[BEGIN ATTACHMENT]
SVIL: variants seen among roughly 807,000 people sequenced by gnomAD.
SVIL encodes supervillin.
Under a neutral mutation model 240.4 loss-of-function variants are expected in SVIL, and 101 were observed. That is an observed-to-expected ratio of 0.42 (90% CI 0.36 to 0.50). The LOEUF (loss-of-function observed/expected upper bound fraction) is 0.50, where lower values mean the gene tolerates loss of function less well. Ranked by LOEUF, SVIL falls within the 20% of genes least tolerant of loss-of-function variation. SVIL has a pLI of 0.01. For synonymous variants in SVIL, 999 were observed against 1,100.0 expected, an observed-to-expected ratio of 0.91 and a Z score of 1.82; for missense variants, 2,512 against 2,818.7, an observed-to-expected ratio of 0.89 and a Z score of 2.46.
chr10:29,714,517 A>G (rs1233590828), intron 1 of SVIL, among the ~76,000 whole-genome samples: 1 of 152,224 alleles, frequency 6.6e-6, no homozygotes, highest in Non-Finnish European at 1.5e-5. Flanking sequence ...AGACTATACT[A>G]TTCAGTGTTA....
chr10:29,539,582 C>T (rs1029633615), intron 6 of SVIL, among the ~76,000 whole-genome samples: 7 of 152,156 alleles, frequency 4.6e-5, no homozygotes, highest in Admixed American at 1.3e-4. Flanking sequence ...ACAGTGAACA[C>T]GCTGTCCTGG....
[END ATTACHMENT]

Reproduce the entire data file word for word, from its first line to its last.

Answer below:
SVIL: variants seen among roughly 807,000 people sequenced by gnomAD.
SVIL encodes supervillin.
Under a neutral mutation model 240.4 loss-of-function variants are expected in SVIL, and 101 were observed. That is an observed-to-expected ratio of 0.42 (90% CI 0.36 to 0.50). The LOEUF (loss-of-function observed/expected upper bound fraction) is 0.50, where lower values mean the gene tolerates loss of function less well. Ranked by LOEUF, SVIL falls within the 20% of genes least tolerant of loss-of-function variation. SVIL has a pLI of 0.01. For synonymous variants in SVIL, 999 were observed against 1,100.0 expected, an observed-to-expected ratio of 0.91 and a Z score of 1.82; for missense variants, 2,512 against 2,818.7, an observed-to-expected ratio of 0.89 and a Z score of 2.46.
chr10:29,714,517 A>G (rs1233590828), intron 1 of SVIL, among the ~76,000 whole-genome samples: 1 of 152,224 alleles, frequency 6.6e-6, no homozygotes, highest in Non-Finnish European at 1.5e-5. Flanking sequence ...AGACTATACT[A>G]TTCAGTGTTA....
chr10:29,539,582 C>T (rs1029633615), intron 6 of SVIL, among the ~76,000 whole-genome samples: 7 of 152,156 alleles, frequency 4.6e-5, no homozygotes, highest in Admixed American at 1.3e-4. Flanking sequence ...ACAGTGAACA[C>T]GCTGTCCTGG....